Joint statement of the UN Committee on the Rights of the Child and the ACERWC on the Day of the African Child

Joint statement of the UN Committee on the Rights of the Child and the ACERWC on the Day of the African Child

On this 16th day of June 2024, as the United Nations Committee on the Rights of the Child and the African Committee of Experts on the Rights and Welfare of the Child, we come together to express our solidarity in the commemoration of the Day of the African Child. We underscore our deep concern about the violation of the rights of children as the world faces an escalation of multiple economic and social challenges enforced by different factors such as poverty, climate change and armed conflicts that consequently impact children’s access to quality, accessible and adaptable education. Particularly, we cannot turn a blind eye to the escalation of armed conflicts that are occurring worldwide. At a global level, children caught in armed conflict reached “extreme levels” last year, with a shocking 21% increase in violations.Within Africa, an estimated 183 million of these children to be living in conflict zones.

            We are thus concerned by the increased conflicts raging across the world swallowing children into their cruel cores. Children continue to find themselves caught up in the cruel crossfires of conflict where there is great disregard for their safety and wellbeing. These ongoing conflicts are characterised by grave violations against children including killing and maiming, abduction, physical and sexual violence, attacks on schools and hospitals, forced recruitment into armed groups/forces and denial of humanitarian assistance. Other pertinent violations with an African lens include child marriages, harmful traditional practices and child labour. We are concerned that despite the disproportionate impact on children, children are often overlooked in disaster management and responses by States.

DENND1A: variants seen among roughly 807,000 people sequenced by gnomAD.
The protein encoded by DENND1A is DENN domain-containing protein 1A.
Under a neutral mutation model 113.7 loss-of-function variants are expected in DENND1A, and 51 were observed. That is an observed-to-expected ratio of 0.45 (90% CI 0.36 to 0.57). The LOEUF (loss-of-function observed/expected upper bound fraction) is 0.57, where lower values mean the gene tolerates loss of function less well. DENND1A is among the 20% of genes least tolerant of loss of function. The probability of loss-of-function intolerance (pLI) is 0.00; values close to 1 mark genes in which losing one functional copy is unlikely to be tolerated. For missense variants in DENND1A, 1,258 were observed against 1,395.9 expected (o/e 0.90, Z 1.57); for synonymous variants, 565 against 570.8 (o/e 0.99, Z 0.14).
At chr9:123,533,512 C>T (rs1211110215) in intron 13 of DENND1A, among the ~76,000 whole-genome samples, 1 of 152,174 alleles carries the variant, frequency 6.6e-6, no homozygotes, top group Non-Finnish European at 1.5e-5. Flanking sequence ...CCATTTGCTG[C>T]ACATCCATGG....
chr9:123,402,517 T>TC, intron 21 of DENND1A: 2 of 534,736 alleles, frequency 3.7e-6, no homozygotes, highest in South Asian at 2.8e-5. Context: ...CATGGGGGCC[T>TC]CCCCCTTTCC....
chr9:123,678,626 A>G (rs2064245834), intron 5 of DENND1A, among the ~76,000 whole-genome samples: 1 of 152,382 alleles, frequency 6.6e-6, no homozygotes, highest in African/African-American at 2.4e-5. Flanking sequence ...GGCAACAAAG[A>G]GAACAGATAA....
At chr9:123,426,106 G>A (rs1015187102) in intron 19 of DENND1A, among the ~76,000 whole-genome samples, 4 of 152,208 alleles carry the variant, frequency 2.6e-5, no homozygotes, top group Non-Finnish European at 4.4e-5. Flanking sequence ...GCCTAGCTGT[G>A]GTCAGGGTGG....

These conflicts disrupt the education of children, as schools are destroyed or repurposed by armed forces, directly underming our collective goal of ensuring quality education, as reiterated in this year’s theme of the Day of the African Child “Education for All Children in Africa: The time is now”. We reiterate the ACERWC’s Agenda for Children (Agenda 2024), specifically aspirations 6 and 9, which highlight the importance of education and the need to protect children from armed conflict. The destruction and militarization of educational spaces not only obstructs daily learning but also poses a threat to the development of children, affecting their cognitive, emotional, and social growth during the most crucial phase of their development.

            In Africa, armed conflict is coupled with other crises including the devastating effects of climate change and natural disasters which result in  increased displacement and/or starvation due to drought and famine and various health crises. These include the COVID-19 pandemic, Ebola, malaria and poverty. Poverty continues to prevent families and the States from providing children with their basic needs; and other socio-economic needs such as adequate housing, a high standard of healthcare and access to quality education. We stress the negative impact of these existing crises, further exacerbated by armed conflict which breaks down the rule of law that upholds the rights of children as well as the institutions needed to implement these rights. We note that these breakdowns in society set back development and progress. We deplore the unfathomable destruction of infrastructure in Khartoum, Sudan. Such destruction impedes development, causing children living in areas affected by armed conflict to be left behind, contrary to Goal 2 of the UN Sustainable Development Goals.